Jesus Changes Water Into Wine

On the third day a wedding took place at Cana in Galilee. Jesus’ mother was there, and Jesus and his disciples had also been invited to the wedding.When the wine was gone, Jesus’ mother said to him, “They have no more wine.”

“Woman, why do you involve me?” Jesus replied. “My hour has not yet come.”

His mother said to the servants, “Do whatever he tells you.”

Nearby stood six stone water jars, the kind used by the Jews for ceremonial washing, each holding from twenty to thirty gallons.

Jesus said to the servants, “Fill the jars with water”; so they filled them to the brim.

Then he told them, “Now draw some out and take it to the master of the banquet.”

They did so, and the master of the banquet tasted the water that had been turned into wine. He did not realize where it had come from, though the servants who had drawn the water knew. Then he called the bridegroom aside10 and said, “Everyone brings out the choice wine first and then the cheaper wine after the guests have had too much to drink; but you have saved the best till now.”

11 What Jesus did here in Cana of Galilee was the first of the signs through which he revealed his glory; and his disciples believed in him.

This past weekend, I officiated the wedding of a former youth group kid, Pat Hasler, and his now wife, Danielle.  Pat is an amazing human being, great runner also…and it was a fun night celebrating with new and old friends!  Even his rehearsal dinner was great…it was at Great American Ballpark…it was simply an extravagant weekend!  

I love the gospel story because it is about family, community, and something new.  Jesus is at a wedding, enjoying himself with his friends and family, the disciples and his mom comes up with this problem.  The wedding has run out of wine…which is a huge “faux pas” in those days and an immense embarrassment.  Jesus’ mom wants Jesus to do something about it.  Jesus responds by saying “woman”, which may sound odd to us today, but the actual word translated is more of a term of respect and intimacy.  Jesus, who by this time is 30 years old, then says something like “oh Mom are you serious?” (in a very loving way I’m sure!).  Mary, Jesus’ mother sees something in her son that is special, she knows he is able to do something about this.  Jesus, then does something amazing.  Jesus takes ordinary water, water used to clean dirty feet (you see, in that part of the world it was pretty dusty and when you went into someone’s house, you cleaned your feet and hands pretty good), and turned into wine…what’s more, he turned it into the best wine that anyone at that party had ever tasted!  

At that point, people had been drinking a lot.  Usually, the best wine came out first, then after folks had a lot to drink, they’d bring out the cheap stuff.  But, the master of ceremonies tasted the best wine and remarked about the generosity of the bridegroom.  

Why did Jesus change the water to wine?  To show that there is something new going on in the world.  In a world that is crazy and where we often feel like ordinary water, or maybe even dirty toe jam water, as we walk through life and get dirty and grimey, there is hope.  When we meet Jesus, he  can take the ordinary or dirty water of our lives and turn it into the best wine ever tasted!  Jesus is saying in this story that he is something special, and, as we’ve talked about the past couple of weeks, Jesus is God in the flesh, he is the “visible image of the invisible God” at it says in Colossians.  Jesus is also saying that everyone is special in this story.  You see, I think that the family in this wedding party probably ran out of wine because they didn’t have a whole lot of money…so, when Jesus turned the water into wine, he turned SIX whole jars, HUGE jars into wine…more wine than they could have drunk.  Jesus not only transformed the water into wine and wants to transform our lives, Jesus blessed the whole wedding party beyond measure and wants to show you some amazing blessings and adventures in life.  One thing about Jesus, he is extravagant in his pursuit and love for us and for the community.  These were friends, family, members of Jesus’ family and neighbors.  The author of John is making a statement by having Jesus’ first public miracle happen at a wedding.  God is interested in overwhelming us with God’s love in practical and unforeseen ways…and this God is interested in blessing all of us together.  God’s good news, God’s presence isn’t for just a few, it’s for everyone.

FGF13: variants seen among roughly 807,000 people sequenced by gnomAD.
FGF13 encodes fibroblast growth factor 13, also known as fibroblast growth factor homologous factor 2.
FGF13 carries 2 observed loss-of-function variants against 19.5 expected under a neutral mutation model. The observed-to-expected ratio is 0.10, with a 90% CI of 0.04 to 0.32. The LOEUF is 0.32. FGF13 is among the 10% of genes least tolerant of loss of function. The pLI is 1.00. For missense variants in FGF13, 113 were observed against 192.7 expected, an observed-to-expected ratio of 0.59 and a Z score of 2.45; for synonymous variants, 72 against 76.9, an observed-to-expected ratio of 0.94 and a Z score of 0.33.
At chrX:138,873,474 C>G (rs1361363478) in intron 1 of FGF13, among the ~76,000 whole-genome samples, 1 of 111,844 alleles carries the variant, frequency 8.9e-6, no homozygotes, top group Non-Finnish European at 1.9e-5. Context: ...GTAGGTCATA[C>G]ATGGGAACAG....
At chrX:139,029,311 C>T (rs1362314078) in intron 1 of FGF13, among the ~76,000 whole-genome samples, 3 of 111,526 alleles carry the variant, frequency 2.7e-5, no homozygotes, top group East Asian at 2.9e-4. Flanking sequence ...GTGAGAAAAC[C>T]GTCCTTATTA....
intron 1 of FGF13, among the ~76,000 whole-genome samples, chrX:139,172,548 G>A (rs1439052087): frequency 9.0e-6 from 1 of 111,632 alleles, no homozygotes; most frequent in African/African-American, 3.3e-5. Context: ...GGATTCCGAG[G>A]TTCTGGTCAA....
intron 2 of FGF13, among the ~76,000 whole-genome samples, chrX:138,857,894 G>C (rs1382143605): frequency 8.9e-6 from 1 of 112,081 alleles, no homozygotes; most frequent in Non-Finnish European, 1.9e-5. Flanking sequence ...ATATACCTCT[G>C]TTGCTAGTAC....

This passage has also been said to give witness to the passing of the old law based on rules, regulations, and works to the new demonstration of God’s presence with humanity.  One of grace, personal love, and on God’s works on our behalf not our own.  

Just like Jesus wants us to experience the blessing of friendship with God and others in order to live lives into something beautiful, new wine, God wants us to have a change of heart of on our religion, how we live our faith, our very lives.

In our faith, in our way of not just showing up at church, but being church, we so often settle for the way things have always been.  We want to know what to expect and to control things.  We want a predictable faith, a predictable religion, a predictable God.   In so doing, we often make decisions and act upon those decisions that are comfortable and do not depict a faith in God, or even ourselves…leaving us feeling like grimey, dirty, used up foot washing toe jam water.   It’s a religion that does us no good.  And that’s a religion that we simply don’t need….and many people have come to the same conclusion and walk away from their faith.

Yet, we then come to something unpredictable, like a wedding, or a funeral, or an action that someone does for us, and we see God’s goodness breaking in.  

In that goodness, God takes our religion, our very selves, and turns it into something beautiful.  We are overwhelmed with God’s presence and extravagant love.  

The last thing about this turning of water into wine.  Jesus fills 6 barrels.  That’s a lot of wine.  Jesus didn’t want folks to feel like they didn’t have enough.  He also didn’t want them to simply seal up those barrels and not share…he poured them out for the entire wedding party!  In those days, weddings were for the whole community and they lasted for days!